Portugal's police were bracing for street protests around the Lisbon parliament today evening following the announcement of the heavily trailed 2013 budget.
However the country's embattled prime minister vowed to stay the course of austerity despite the political damage that it is doing to his party.
His Socialist opponents may have swept the board in a regional election in the Azores at the weekend, but Conservative Pedro Passos Coelho said he would not flinch from a strategy that has strained the patience of working people who took to the streets in their tens of thousands in frustration at the weekend.
The budget was presented in parliament at around 6pm and outlined the harshest measures since last year's €78 billion (£62.8bn) bailout.
It is set to introduce income tax rises which Finance Minister Vitor Gaspar has already described as "enormous."
The measures, which will also include pension cuts, a financial transaction tax and higher property taxes, could push Portugal into a recessionary spiral.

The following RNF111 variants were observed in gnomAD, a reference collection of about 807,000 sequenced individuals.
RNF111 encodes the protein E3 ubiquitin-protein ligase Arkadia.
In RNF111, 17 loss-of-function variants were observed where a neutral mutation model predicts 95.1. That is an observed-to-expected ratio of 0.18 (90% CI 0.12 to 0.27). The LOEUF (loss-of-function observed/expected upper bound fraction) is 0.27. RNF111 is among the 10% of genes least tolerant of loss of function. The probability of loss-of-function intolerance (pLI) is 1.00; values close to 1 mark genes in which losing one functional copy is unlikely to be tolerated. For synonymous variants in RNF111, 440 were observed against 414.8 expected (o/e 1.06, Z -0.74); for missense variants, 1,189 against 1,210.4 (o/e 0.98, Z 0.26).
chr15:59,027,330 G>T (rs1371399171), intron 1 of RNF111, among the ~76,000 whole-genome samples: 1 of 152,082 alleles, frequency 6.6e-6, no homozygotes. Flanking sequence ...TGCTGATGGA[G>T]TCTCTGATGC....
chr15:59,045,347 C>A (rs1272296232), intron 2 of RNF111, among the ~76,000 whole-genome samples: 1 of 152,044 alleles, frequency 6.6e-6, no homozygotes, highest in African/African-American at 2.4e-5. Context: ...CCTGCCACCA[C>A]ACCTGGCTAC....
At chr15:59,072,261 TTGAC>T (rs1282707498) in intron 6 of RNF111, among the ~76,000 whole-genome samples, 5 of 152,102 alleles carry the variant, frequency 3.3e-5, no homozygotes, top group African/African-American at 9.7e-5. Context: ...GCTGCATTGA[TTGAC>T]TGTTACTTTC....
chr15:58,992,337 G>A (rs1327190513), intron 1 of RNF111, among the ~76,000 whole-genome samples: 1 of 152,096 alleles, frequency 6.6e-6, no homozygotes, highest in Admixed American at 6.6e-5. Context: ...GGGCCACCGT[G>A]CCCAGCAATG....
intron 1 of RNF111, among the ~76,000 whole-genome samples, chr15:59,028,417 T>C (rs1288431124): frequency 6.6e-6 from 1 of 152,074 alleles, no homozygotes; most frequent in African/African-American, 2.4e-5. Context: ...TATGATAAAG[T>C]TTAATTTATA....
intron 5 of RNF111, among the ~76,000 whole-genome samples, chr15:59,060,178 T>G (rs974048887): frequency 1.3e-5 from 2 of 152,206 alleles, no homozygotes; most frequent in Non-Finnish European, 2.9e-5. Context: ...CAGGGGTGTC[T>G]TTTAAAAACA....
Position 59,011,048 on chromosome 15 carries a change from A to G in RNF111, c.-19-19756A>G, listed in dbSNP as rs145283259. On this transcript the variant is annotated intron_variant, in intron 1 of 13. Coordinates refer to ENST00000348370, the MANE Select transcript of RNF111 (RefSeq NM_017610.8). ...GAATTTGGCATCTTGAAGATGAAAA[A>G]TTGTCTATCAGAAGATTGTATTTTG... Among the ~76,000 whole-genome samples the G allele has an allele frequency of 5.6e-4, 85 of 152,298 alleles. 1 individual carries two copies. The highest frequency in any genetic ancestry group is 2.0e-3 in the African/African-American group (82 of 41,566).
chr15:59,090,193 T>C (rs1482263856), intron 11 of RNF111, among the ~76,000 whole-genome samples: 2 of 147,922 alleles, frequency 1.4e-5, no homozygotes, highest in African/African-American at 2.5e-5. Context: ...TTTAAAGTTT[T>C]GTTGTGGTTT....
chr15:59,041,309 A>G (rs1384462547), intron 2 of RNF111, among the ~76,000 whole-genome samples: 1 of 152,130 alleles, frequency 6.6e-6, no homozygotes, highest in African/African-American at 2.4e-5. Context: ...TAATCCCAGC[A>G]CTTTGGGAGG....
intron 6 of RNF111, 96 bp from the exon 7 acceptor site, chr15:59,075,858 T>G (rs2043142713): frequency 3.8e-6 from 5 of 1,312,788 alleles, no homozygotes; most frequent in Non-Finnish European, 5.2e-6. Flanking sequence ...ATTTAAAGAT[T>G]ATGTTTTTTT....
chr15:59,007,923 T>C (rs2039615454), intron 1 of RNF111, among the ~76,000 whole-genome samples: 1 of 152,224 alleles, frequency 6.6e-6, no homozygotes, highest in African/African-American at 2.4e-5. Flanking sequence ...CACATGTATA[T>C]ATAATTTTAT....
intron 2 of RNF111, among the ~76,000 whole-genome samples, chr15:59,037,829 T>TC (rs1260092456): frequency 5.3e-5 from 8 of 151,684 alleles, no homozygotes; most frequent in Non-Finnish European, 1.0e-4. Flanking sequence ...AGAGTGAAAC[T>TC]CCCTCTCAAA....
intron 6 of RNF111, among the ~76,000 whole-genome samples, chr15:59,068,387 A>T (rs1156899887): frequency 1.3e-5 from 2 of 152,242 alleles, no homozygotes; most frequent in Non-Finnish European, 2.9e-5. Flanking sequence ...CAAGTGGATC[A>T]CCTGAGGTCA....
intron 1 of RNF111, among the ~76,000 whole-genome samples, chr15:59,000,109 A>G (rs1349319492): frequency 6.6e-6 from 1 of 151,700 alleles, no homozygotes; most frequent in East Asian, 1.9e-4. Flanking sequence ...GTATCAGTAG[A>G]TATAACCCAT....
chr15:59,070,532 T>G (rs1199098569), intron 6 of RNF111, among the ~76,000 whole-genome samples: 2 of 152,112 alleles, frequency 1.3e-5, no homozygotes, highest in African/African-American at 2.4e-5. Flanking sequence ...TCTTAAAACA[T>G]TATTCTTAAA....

But the government is intent on carrying on regardless, ignoring evidence that troika-prescribed austerity measures just don't work.
Tax revenue is falling despite the imposition of higher tax rates.
Government receipts fell 2.4 per cent in August as the effects of tax increases were more than offset by a weakening economy.
Mr Gaspar had already revealed the most significant measures in the budget, reducing the number of income tax bands from eight to five and expanding their reach, raising tax on the lowest incomes from 11.5 per cent to 14.0 per cent.
Tax on the €20,000 (£16,121) to €40,000 (£32,242) band will rise from 35 per cent to 37.0 per cent.
And tax on incomes above €80,000 (£64,492) will rise from 46.5 per cent to 48.0 per cent, bringing the top rate into play €70,000 (£56,430) earlier than previously.
The austerity measures have sparked increasing popular resistance.
Demonstrators planned to encircle the Parliament building for the budget announcement.
And CGTP-Intersindical, Portugal's biggest trade union confederation, has called a 24-hour general strike on November 14.
The Socialist Party is pledging to vote against the budget when it is put to a vote in parliament at the end of the month.
If you appreciated this article then please consider donating to the Morning Star's Fighting Fund to ensure we can keep developing your paper.
Nothing will bring back the hundreds of British soldiers killed fighting in Iraq at Tony Blair's behest.
Under a modicum of scrutiny the PM's international 'achievements' quickly unravel
The Con-Dems have had it their way too long. We have to turn this country around